The circumstances of Tuesday night, with the entire negotiating strategy, or more accurately lack of it, by Theresa May and her team; agreeing to the EU’s scheduling of talks – divorce before agreeing the future – and a dreadful WA with an imposed 31 October 2019 timeframe gave the new PM little wriggle room and little time. I am proud that I voted against Theresa May’s Withdrawal Agreement three times as one of the ‘Spartans’: it was truly foul with alignment to Single Market rules, high domestic alignment on taxes and much else and a destination of perpetual Customs Union membership with no unilateral way out. It was indeed Brexit in Name Only (BRINO). If I could see a clear route towards no deal by voting against this Bill I would have pursued that, but any hope of a path to no deal within this Parliament is simply for the birds. If I could see that further delay would result in a better deal, that would also have been tempting, but similarly not likely. I have shared enough voting lobbies with Jeremy Corbyn, Jo Swinson and Dominic Grieve during this process as they continue to frustrate Brexit while I attempt to deliver it. I was not prepared to do so again. What happened on the loss of the Programme Motion vote that followed, the procedure to allow the time to progress the remaining parts of the Withdrawal Bill, was proof once more that this current Parliament will do anything to frustrate and prevent Brexit.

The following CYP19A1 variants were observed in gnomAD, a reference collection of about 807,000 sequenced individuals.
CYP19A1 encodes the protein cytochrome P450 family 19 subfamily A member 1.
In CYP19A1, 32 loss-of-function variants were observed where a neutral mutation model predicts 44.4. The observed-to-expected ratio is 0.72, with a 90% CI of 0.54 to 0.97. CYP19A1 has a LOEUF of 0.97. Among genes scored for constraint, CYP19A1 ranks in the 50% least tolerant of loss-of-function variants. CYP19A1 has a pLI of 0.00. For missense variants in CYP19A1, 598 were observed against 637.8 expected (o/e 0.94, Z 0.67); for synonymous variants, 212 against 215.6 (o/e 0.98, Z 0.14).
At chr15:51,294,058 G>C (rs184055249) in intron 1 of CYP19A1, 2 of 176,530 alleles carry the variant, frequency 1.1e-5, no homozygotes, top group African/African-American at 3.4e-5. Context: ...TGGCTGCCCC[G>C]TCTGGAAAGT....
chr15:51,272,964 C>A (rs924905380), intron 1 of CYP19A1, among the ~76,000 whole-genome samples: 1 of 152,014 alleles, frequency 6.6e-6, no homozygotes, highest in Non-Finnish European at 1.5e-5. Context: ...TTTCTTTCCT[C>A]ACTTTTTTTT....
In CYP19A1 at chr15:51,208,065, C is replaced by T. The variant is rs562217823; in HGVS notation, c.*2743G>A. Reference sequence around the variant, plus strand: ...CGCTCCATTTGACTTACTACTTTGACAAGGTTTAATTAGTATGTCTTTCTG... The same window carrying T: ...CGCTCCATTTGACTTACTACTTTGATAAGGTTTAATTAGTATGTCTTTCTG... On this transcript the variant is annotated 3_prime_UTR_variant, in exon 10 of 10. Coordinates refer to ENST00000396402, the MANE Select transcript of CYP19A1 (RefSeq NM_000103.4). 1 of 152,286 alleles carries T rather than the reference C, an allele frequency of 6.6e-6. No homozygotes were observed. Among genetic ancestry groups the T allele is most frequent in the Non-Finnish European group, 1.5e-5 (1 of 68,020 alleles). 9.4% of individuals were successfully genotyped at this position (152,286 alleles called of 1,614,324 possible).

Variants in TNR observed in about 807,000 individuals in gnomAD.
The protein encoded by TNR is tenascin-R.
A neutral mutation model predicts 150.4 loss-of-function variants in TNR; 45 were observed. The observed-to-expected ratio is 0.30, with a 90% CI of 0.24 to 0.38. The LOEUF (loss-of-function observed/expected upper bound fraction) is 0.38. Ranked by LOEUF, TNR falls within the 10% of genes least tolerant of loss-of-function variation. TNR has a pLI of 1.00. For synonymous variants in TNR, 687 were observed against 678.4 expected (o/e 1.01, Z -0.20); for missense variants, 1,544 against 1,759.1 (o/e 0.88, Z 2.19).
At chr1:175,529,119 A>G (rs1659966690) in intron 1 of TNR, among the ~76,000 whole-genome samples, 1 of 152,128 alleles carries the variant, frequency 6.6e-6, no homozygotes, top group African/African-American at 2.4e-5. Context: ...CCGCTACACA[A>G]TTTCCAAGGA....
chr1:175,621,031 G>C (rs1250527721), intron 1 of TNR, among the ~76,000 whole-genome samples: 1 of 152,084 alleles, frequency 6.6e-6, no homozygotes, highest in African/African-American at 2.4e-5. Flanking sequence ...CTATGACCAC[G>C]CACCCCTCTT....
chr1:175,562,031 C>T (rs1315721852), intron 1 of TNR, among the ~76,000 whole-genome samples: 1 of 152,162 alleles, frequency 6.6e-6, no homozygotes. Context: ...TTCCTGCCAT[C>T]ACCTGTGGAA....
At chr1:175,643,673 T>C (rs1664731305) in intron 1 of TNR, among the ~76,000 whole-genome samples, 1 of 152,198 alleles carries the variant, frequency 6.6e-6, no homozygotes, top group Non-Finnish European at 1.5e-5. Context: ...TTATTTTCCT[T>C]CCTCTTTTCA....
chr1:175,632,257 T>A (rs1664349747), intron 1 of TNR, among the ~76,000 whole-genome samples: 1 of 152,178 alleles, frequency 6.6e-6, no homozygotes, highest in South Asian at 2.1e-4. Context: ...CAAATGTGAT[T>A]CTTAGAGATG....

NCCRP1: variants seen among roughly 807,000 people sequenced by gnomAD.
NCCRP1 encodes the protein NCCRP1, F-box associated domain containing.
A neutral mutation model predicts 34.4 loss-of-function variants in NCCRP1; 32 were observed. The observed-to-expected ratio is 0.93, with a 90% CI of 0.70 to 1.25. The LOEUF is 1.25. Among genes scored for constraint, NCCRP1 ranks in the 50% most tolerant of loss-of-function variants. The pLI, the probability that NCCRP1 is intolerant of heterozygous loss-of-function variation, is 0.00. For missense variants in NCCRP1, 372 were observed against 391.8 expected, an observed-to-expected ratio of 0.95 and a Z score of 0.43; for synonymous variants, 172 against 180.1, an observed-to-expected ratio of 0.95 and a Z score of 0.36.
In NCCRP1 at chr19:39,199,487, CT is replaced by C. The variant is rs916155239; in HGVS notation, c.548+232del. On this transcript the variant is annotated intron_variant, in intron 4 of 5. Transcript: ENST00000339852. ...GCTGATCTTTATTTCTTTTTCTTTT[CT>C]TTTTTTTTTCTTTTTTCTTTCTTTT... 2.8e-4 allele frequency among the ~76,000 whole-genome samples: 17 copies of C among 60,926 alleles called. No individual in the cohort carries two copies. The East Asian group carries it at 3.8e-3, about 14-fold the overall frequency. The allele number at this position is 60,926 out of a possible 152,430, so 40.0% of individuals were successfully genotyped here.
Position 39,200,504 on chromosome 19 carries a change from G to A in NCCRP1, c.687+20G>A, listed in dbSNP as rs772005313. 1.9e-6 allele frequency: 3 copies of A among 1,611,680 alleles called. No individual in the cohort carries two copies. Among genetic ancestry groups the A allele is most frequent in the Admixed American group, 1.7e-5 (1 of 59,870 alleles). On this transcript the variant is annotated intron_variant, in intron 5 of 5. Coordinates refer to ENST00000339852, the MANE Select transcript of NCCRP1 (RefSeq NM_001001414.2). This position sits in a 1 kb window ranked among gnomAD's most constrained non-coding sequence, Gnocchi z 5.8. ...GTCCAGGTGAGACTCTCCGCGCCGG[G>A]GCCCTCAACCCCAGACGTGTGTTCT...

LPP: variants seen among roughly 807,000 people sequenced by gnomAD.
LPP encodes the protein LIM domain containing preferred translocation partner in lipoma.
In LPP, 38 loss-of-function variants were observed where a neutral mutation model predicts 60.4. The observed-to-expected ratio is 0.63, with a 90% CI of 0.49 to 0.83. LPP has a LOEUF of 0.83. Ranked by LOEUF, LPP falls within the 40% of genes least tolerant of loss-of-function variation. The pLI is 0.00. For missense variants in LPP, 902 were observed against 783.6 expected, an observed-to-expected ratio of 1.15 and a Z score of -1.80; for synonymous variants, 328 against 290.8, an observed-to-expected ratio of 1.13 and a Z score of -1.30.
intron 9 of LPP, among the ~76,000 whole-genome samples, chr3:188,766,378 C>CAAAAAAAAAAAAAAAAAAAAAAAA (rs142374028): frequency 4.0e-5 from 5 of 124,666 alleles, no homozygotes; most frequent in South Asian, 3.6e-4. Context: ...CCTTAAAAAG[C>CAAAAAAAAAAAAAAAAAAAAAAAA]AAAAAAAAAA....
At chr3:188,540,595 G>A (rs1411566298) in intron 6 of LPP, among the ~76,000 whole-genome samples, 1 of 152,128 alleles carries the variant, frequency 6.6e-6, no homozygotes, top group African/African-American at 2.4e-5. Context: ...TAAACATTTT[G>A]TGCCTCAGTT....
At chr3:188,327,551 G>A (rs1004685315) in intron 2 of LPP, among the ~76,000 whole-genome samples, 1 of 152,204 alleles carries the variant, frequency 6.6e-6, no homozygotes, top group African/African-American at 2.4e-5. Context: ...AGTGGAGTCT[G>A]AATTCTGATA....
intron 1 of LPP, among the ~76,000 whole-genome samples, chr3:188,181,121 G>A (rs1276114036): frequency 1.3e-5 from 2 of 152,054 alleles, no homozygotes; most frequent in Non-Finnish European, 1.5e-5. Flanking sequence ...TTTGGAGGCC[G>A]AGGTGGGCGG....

Those opposed to Brexit have cleverly, and by exquisite design, further restricted our choices. The Benn/Surrender Act meant that an extension was to be an inevitable outcome if no further progress was made. Yet more time for those intent on frustrating the referendum result could mean a second (or third) referendum to meddle further, with the next moves being revocation of Article 50 or the festooning of the Withdrawal Agreement Bill with unacceptable amendments. The current make-up of Parliament is militantly anti-Brexit. The Speaker is willing to flex any tradition, procedure and rule to frustrate our departure from the EU. We saw that on Monday with his refusal to allow Meaningful Vote 4 to be put following Saturday’s obfuscatory tactics. The Fixed Term Parliament Act prevents any immediate General Election. This truly was a choice of imperfect deal or no Brexit. Given that choice, a complex decision became a simple one. Additionally the public want this done. I am all too aware of how any remaining trust in democracy is ebbing away.
The other factor in my decision is of course Prime Minister Boris Johnson, whom I supported strongly for the leadership. Commentators said that reopening the Withdrawal Agreement was impossible and that the Irish ‘Backstop’ was immovable. They weren’t. For the first time we have a sitting PM committed to Brexit; it may never happen again. I have every confidence that a Johnson government will never extend the implementation period and has the hardball approach to achieve a sensible future FTA with the EU and the commitment to maximise new global opportunities. A powerful factor in my decision was trust. A strong, leave-supporting Parliamentary majority will also be needed to complete the job. That will come in due course and we will win.
We now need to complete the legislation to codify the Withdrawal Agreement. The ride will be rocky yet perversely it may be the EU who say enough is enough and we may indeed leave with no deal (realistically a managed WTO exit). I have no fears about that.
We’re still in the foothills of the Brexit prize. After this length of time I have patience, I can wait and I will enjoy delivering the fruits of nearly three decades of work to a newly invigorated and independent Britain.